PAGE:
Thursday, March 26, 2009


swarthy [SWORE-thē]
adj. having a dark complexion or color

[From German schwarz ("black"), earlier Gothic swarts]

Yiddish took the same root word from German and came up with shvartzeh, meaning black. The English swarthy, however, is descriptive of skin color, but isn't limited to black people of African heritage. Anyone who is darker-skinned than your typical white Brit, such as an Italian normally is, qualifies as swarthy. According to the dictionaries I've checked, swarthy evolved in English from swart, meaning the same thing.

The governor of Kal-ee-for-nee-uh's last name, Schwarzenegger, has, of course, schwarzen in it, meaning black. There seems to be disagreement as to what the -egger means. Arnold says it means "plowman," making his name translate as Blackplowman. Others have said -egger is "field." This maven on German names says the Terminator's name derives from "das schwarze Eck," meaning "Black-corner." No one apparently disagrees, though, that the first part of Schwarzenegger is black.

According to my dictionary, the word swarthy is first used in English in 1570. Shortly thereafter, Shakespeare tried it out in Act II, Scene 6 of The Two Gentlemen of Verona. In this soliloquy, Proteus -- one of the gentlemen -- who left behind in Verona a possible lover, Julia, doesn't know what to do, after having fallen in love in Milan with Silvia, who is possibly the lover of his friend, Valentine -- the other gentleman:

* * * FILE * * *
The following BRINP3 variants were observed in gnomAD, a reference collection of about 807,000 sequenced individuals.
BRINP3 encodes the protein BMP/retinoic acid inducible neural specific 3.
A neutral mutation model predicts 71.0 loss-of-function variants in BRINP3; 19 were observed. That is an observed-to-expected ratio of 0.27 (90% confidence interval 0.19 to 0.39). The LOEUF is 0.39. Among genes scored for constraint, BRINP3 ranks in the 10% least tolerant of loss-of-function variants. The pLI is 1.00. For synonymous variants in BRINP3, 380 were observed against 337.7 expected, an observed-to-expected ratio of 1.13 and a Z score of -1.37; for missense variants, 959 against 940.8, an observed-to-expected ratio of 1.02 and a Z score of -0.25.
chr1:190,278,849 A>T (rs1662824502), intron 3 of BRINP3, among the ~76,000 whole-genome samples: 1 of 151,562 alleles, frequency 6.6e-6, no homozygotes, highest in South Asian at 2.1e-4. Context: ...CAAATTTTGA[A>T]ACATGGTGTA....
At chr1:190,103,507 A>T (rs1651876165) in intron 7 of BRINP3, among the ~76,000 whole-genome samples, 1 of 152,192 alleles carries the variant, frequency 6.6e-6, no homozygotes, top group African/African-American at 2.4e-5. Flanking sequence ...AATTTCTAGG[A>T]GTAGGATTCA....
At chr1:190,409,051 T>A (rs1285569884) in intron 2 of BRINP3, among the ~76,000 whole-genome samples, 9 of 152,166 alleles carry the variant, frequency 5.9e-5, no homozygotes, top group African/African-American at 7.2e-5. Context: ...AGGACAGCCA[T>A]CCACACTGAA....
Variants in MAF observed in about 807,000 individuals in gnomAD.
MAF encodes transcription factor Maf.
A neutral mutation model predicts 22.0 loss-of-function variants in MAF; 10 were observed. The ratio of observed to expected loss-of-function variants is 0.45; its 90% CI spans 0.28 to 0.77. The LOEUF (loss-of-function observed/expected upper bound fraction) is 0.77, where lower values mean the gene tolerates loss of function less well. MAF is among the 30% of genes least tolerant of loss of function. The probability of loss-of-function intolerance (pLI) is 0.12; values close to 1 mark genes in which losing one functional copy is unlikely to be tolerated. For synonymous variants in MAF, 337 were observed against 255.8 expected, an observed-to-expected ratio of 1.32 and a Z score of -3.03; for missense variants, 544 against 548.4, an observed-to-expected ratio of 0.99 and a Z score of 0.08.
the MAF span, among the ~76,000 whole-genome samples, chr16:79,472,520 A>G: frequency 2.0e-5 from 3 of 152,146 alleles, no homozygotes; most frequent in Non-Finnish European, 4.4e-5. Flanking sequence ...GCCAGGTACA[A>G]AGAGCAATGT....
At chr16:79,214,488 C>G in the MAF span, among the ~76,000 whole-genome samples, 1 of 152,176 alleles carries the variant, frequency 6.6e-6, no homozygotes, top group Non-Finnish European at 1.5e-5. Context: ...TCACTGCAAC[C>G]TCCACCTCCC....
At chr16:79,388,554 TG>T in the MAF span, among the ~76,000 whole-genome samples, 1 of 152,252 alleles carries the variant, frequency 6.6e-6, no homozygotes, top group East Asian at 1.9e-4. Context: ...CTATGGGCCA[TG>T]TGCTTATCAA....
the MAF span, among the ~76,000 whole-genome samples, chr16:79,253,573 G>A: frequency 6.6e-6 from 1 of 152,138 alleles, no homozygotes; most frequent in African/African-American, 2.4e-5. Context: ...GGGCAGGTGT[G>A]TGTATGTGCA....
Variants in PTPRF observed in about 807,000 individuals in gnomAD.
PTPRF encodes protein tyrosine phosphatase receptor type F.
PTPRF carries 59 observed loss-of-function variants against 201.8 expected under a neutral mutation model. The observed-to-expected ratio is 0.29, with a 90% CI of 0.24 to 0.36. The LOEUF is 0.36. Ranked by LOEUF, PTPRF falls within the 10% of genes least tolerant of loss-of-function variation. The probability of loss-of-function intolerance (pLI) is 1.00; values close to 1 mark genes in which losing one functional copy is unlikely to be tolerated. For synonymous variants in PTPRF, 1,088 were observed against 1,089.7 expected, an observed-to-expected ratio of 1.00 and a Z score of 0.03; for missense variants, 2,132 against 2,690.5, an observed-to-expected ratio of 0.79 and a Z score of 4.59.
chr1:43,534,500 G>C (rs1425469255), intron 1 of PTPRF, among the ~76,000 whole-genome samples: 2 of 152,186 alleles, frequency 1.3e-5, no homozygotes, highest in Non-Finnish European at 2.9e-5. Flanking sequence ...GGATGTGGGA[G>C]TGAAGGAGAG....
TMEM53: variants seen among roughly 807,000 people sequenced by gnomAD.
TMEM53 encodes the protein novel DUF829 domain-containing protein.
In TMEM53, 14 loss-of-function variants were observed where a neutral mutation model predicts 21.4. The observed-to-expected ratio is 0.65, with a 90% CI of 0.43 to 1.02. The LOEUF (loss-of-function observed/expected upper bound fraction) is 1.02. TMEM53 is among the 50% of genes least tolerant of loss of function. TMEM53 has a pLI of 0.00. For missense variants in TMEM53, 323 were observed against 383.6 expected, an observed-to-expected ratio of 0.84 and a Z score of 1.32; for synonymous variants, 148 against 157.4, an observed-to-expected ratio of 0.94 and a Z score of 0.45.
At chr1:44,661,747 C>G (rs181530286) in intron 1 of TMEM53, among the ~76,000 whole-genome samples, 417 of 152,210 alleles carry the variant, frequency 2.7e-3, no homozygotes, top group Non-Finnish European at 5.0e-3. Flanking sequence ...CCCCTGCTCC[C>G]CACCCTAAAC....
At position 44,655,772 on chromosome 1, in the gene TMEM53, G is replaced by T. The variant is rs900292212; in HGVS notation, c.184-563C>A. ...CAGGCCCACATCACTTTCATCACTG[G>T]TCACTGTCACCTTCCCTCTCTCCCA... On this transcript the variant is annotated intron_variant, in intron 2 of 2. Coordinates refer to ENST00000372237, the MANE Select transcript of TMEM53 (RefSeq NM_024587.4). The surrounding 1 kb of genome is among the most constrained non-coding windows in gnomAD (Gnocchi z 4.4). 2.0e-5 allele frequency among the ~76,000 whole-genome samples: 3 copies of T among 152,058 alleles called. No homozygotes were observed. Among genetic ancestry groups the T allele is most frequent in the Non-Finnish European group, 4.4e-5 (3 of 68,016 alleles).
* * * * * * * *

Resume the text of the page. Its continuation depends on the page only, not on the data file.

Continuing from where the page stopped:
I cannot leave to love, and yet I do;
But there I leave to love where I should love.
Julia I lose and Valentine I lose:
If I keep them, I needs must lose myself;
If I lose them, thus find I by their loss
For Valentine myself, for Julia Silvia.
I to myself am dearer than a friend,
For love is still most precious in itself;
And Silvia—witness Heaven, that made her fair!—
Shows Julia but a swarthy Ethiope.

In Herman Melville's epic novel Moby Dick, a chaplain named Father Mapple, preaching to seafarers in the Whaleman’s Chapel, recounts the Biblical story of Jonah being swallowed by a whale. Melville, here, uses swarthy to describe Father Mapple's dark-skinned forehead:
While he was speaking these words, the howling of the shrieking, slanting storm without seemed to add new power to the preacher, who, when describing Jonah's sea-storm, seemed tossed by a storm himself. His deep chest heaved as with a ground-swell; his tossed arms seemed the warring elements at work; and the thunders that rolled away from off his swarthy brow, and the light leaping from his eye, made all his simple hearers look on him with a quick fear that was strange to them. .

1 comment:

Aritul said...

I have never associated the word with black skin. For me, swarthy conjures up images of Italians, Greeks, other southern Europeans, North Africans, and Middle Easterners. I would even venture to say that there are many Latin Americans whose skin color embodies the term.